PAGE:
This particular pepper tree is one of my favorite trees. Does it look as though it has a face to you? It does to me...when I look at it from across the street, I see eyes, a nose - and of course, it's mouth, open wide like it's yawning. Sometimes it looks very human, to me - other times, I think it looks kind of like a Yorkshire terrier. Either way, it just makes me happy to look at it.
It lives a couple of towns away - but I try to visit it whenever I find myself in that area. I like to think it remembers me - "Oh good! Here's the nice human that cleans out the trash that some litterbug left behind in my knothole." Because sadly, several times that's what I've found, when I've come to visit my tree friend - even though there's a dumpster about 30 feet away - somehow people apparently view that opening in the tree as a convenient trash can - rather than the enchanted doorway to a fairy realm, that I see it as. Sometimes I think the world would be a happier place if more people would anthropomorphize trees - or at least imagine that there were elves or little nature spirits watching how we treated them. Think about that, you tree-pelting litterbugs! Elves and nature spirits may be watching you disapprovingly, and who knows what they may decide to do about it!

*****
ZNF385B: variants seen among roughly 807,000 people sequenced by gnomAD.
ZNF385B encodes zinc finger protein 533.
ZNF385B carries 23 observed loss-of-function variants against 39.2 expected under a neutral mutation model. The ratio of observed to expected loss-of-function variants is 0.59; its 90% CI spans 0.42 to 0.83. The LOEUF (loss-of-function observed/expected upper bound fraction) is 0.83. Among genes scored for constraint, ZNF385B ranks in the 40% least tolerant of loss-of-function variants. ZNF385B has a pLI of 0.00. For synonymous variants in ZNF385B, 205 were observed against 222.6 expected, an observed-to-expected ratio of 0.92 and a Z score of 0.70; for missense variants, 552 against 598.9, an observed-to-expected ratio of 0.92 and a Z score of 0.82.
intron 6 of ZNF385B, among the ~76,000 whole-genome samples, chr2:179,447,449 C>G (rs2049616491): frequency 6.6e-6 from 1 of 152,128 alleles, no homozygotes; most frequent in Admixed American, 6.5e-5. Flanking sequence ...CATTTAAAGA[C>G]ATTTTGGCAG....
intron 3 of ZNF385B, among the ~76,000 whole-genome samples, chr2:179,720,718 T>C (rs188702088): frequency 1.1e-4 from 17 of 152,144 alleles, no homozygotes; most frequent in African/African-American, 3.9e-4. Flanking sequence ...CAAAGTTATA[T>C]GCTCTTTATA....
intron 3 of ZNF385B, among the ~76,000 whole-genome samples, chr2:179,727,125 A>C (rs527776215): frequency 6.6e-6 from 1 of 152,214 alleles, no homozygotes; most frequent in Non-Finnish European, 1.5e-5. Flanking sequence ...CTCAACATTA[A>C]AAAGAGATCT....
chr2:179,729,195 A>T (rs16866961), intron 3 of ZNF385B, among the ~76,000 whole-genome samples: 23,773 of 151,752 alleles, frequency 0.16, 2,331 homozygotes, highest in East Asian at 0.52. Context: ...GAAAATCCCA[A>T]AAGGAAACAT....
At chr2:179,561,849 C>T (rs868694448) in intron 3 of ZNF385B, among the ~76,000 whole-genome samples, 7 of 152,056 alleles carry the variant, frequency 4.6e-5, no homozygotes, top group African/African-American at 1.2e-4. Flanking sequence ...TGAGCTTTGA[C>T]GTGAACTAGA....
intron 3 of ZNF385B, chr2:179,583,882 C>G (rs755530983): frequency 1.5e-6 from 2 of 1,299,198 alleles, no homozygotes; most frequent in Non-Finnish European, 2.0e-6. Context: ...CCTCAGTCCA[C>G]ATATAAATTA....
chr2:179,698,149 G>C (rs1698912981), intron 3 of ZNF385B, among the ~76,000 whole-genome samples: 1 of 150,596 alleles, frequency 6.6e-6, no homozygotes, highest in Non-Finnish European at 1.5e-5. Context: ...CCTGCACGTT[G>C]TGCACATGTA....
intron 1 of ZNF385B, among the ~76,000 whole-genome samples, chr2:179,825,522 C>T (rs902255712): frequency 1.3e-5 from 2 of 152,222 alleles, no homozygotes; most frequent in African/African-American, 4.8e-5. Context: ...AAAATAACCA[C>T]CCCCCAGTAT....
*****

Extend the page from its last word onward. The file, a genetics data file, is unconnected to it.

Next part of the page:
But I digress...
Thinking about what it is to be rooted. Like my friend here, I've been rooted in one spot for a long time. This may seem boring or even stifling to some, but it can actually be rather liberating - to stay in one place long enough to really know it fully. You know where things are - and why things are the way are, and sometimes even who made them that way.
The tree knows through its roots where all the pebbles and stones in the soil are, and how to grow around them, and which direction to stretch out its little tendril roots towards that drip from the garden watertap. Even though it may not like that the road got built so close to its roots - it's had lots of time to gradually adjust to it, and work its roots further down below it. Now, it hardly even notices the cars that pass by, except for the ones that stop beside it to visit for a moment. There are birds that come to visit it, too, bringing it news about its seedlings, and the other trees. It knows all the local earthworms and ants, tunnelling around through the soil, loosening it up, so the tree can spread its roots more easily. It loves the snacks they leave behind for it, too. It considers the bees, worms and bugs good friends - even though the humans don't seem to like them very much.